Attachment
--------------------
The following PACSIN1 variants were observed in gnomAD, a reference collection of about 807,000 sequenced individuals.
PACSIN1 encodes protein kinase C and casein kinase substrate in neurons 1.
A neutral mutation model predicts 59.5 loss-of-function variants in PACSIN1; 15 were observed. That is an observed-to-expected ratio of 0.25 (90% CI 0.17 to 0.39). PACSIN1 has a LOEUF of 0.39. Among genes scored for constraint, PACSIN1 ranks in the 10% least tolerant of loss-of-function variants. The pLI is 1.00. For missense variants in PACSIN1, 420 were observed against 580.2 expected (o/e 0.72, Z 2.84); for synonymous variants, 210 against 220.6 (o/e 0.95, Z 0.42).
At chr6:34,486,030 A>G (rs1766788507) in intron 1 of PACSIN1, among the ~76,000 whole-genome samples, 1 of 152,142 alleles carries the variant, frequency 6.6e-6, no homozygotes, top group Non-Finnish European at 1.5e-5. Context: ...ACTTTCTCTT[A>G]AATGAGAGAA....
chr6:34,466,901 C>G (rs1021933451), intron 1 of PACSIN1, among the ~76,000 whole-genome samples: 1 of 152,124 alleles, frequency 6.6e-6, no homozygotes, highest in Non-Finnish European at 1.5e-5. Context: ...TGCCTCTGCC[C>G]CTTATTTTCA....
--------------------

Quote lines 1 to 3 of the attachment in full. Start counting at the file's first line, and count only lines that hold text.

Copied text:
The following PACSIN1 variants were observed in gnomAD, a reference collection of about 807,000 sequenced individuals.
PACSIN1 encodes protein kinase C and casein kinase substrate in neurons 1.
A neutral mutation model predicts 59.5 loss-of-function variants in PACSIN1; 15 were observed. That is an observed-to-expected ratio of 0.25 (90% CI 0.17 to 0.39). PACSIN1 has a LOEUF of 0.39. Among genes scored for constraint, PACSIN1 ranks in the 10% least tolerant of loss-of-function variants. The pLI is 1.00. For missense variants in PACSIN1, 420 were observed against 580.2 expected (o/e 0.72, Z 2.84); for synonymous variants, 210 against 220.6 (o/e 0.95, Z 0.42).